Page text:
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Scam at first sight: Criminals using dating websites to offer bogus investments

·3-min read

More than £15 million has been lost to criminals offering bogus investment opportunities on dating platforms this year, according to Action Fraud.

The average loss per victim is £15,936, with a total of £15,665,332 lost so far this year, the UK’s reporting centre for fraud and cyber crime said.

Nearly a quarter (23%) of victims were in their 30s, and three-fifths (60%) were aged 30 to 59.

While the vast majority of investments offered are in cryptocurrency, victims have also handed over money believing they are investing in other commodities, including stocks and shares, gold and raw materials, Action Fraud said.

Pauline Smith, head of Action Fraud, said: “We’ve all spent more time than ever before online over the past year and criminals have seen this as an opportunity to target unsuspecting victims – particularly those using dating platforms.

“It’s important that, if you’re contacted by someone on a dating platform about an investment opportunity, you follow the advice of the Take Five to Stop Fraud campaign by taking a moment to stop and think – it could protect you and your money.

“If you are suspicious of someone’s behaviour on a dating platform, most platforms have a reporting tool which you can use to report their profile – which helps protect others.”

Victims have reported being approached on dating platforms by criminals, who at first will engage in typical conversation in order to build a trusting relationship.

Once a level of trust has been established, the fraudster will change the topic of conversation to an investment opportunity that they claim can help make the victim money.

The victim is then persuaded to continue the conversation on a secondary messaging platform, which often cannot provide the same level of safety as dating platforms.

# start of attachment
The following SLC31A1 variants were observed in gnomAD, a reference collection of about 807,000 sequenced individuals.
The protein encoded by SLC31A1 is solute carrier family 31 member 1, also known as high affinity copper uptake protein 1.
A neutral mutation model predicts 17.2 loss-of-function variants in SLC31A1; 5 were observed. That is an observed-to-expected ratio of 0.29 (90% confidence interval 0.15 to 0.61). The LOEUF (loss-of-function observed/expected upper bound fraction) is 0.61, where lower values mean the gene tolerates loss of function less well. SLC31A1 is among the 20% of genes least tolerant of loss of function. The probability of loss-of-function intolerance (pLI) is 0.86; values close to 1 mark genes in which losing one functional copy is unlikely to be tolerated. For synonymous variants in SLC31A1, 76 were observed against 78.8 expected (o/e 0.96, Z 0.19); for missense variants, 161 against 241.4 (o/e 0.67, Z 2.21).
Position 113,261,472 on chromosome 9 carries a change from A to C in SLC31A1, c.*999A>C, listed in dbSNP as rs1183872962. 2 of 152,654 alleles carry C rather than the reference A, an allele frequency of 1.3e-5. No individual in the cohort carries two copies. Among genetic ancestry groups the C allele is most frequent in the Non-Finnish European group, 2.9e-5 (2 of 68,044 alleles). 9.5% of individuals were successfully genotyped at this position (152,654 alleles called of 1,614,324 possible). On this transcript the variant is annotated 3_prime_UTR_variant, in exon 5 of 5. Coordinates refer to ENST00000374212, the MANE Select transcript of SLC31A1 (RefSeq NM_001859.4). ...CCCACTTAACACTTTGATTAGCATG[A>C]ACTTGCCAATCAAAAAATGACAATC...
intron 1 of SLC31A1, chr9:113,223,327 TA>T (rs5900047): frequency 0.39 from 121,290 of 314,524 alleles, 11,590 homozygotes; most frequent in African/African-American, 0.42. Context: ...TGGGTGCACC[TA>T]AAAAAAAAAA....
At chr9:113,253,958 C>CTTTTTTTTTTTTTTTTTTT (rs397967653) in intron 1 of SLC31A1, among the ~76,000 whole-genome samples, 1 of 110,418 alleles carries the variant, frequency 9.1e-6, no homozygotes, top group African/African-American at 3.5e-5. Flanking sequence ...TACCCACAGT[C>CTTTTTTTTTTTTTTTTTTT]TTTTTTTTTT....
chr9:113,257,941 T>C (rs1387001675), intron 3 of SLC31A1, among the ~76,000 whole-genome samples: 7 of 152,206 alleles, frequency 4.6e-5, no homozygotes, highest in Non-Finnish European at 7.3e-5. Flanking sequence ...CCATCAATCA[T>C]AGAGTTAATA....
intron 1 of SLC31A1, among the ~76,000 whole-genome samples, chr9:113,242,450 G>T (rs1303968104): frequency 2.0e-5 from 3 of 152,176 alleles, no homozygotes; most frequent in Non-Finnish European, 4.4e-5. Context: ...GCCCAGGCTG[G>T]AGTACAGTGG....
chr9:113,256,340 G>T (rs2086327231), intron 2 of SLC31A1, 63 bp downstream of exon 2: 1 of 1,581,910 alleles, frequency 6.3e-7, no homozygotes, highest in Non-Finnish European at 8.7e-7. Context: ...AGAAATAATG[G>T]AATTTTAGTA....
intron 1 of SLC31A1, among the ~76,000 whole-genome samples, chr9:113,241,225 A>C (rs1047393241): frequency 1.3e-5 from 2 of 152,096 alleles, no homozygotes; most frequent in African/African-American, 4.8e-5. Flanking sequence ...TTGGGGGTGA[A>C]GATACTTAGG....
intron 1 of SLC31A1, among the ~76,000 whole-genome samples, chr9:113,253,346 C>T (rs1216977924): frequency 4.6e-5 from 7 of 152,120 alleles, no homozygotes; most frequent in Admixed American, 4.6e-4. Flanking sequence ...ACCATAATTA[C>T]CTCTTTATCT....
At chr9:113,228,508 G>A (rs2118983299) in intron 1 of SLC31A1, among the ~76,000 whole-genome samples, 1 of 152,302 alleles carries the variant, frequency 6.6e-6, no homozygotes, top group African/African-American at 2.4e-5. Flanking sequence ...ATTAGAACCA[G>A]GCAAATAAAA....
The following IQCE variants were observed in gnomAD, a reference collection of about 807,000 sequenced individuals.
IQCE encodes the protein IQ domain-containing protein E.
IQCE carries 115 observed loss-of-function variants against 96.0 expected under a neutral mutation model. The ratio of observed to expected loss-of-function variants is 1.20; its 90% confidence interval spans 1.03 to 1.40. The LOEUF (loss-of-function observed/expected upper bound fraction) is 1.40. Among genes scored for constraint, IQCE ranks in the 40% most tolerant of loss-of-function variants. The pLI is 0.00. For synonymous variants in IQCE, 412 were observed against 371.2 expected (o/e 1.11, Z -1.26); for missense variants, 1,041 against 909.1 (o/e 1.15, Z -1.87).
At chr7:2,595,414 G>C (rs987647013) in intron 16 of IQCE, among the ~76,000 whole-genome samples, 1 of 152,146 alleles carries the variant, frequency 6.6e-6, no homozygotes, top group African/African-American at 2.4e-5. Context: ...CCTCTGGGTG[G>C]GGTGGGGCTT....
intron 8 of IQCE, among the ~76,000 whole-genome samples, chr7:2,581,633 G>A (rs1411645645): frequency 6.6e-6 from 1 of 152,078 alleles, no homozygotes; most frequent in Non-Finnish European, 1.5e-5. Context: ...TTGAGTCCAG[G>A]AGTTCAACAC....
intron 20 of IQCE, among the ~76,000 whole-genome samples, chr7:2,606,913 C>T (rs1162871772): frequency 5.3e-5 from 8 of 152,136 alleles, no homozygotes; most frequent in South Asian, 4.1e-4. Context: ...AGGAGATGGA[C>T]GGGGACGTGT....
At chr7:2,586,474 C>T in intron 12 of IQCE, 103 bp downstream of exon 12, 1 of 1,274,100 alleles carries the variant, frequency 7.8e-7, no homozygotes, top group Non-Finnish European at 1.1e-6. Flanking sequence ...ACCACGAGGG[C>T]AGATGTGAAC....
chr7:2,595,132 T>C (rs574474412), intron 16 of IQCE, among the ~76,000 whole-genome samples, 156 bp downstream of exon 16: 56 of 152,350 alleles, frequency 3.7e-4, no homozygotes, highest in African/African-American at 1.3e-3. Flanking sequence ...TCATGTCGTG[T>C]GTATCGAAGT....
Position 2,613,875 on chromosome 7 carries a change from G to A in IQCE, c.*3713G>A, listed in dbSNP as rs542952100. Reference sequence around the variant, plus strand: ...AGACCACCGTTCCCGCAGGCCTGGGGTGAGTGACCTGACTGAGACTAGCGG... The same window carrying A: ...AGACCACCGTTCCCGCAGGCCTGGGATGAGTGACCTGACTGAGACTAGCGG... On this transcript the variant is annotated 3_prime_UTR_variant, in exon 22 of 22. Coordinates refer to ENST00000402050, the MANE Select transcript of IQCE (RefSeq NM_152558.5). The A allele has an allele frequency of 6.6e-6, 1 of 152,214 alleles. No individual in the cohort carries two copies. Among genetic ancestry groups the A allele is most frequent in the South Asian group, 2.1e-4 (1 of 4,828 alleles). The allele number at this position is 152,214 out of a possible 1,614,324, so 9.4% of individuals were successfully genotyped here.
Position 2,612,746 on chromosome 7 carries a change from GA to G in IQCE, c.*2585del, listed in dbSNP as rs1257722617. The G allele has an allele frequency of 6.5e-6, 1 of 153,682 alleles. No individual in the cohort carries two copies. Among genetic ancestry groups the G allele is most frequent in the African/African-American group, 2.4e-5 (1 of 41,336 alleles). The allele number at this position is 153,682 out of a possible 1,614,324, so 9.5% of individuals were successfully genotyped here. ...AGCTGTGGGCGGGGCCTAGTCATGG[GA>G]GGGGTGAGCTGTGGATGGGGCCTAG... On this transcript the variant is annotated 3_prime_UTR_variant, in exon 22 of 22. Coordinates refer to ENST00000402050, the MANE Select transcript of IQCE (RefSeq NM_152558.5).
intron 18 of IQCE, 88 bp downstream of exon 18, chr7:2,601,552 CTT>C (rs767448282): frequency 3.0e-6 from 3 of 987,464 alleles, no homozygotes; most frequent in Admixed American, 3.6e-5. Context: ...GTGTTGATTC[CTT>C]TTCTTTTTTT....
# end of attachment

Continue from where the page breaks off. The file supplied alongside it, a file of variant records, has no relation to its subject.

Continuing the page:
In some cases, victims have been deceived into transferring funds on multiple occasions, having been told their initial investment was successful. In other cases, victims have been told they cannot access their investment without paying various “charges” such as transaction fees, security deposits and currency conversion costs, Action Fraud said.

The fraudster will typically cut all contact when the victim refuses to transfer more funds, or says they have run out of money.

– Here are Action Fraud’s tips to protect against investment scams:

1. No matter how long you have been speaking to someone online, if you have not met them in person, do not send them any money.

2. Do not be rushed into making an investment. Be wary if you are being pressured to invest quickly, or promised returns that sound too good to be true. Take time to do your research.

3. Research the person you are talking to, as their photos may not be genuine. Performing a reverse image search can find photos that have been taken from somewhere, or someone, else.

4. Be suspicious if you are contacted out of the blue about an investment opportunity. Always seek advice from friends or family and consider getting independent professional advice before making a significant financial decision.

5. Stay on the website’s messaging service until you meet in person. Criminals want to quickly switch to other platforms that are less well-regulated and have stronger encryption, so there is no evidence of your conversation.

6. You can check if an investment opportunity you have been offered could potentially be a scam by visiting the Financial Conduct Authority’s (FCA) ScamSmart website.

7. Many online platforms have a reporting tool which you can use if you suspect someone online is using pictures that do not belong to them, you are suspicious of their behaviour, or they have asked you for money. Reporting their user profile means it can be blocked, which helps protect others.

8. Follow the advice of the Take Five to Stop Fraud campaign – take a moment to think before parting with any money or information; reject or ignore suspect requests; and contact your bank immediately as well as Action Fraud if you think you have fallen victim to a fraud.

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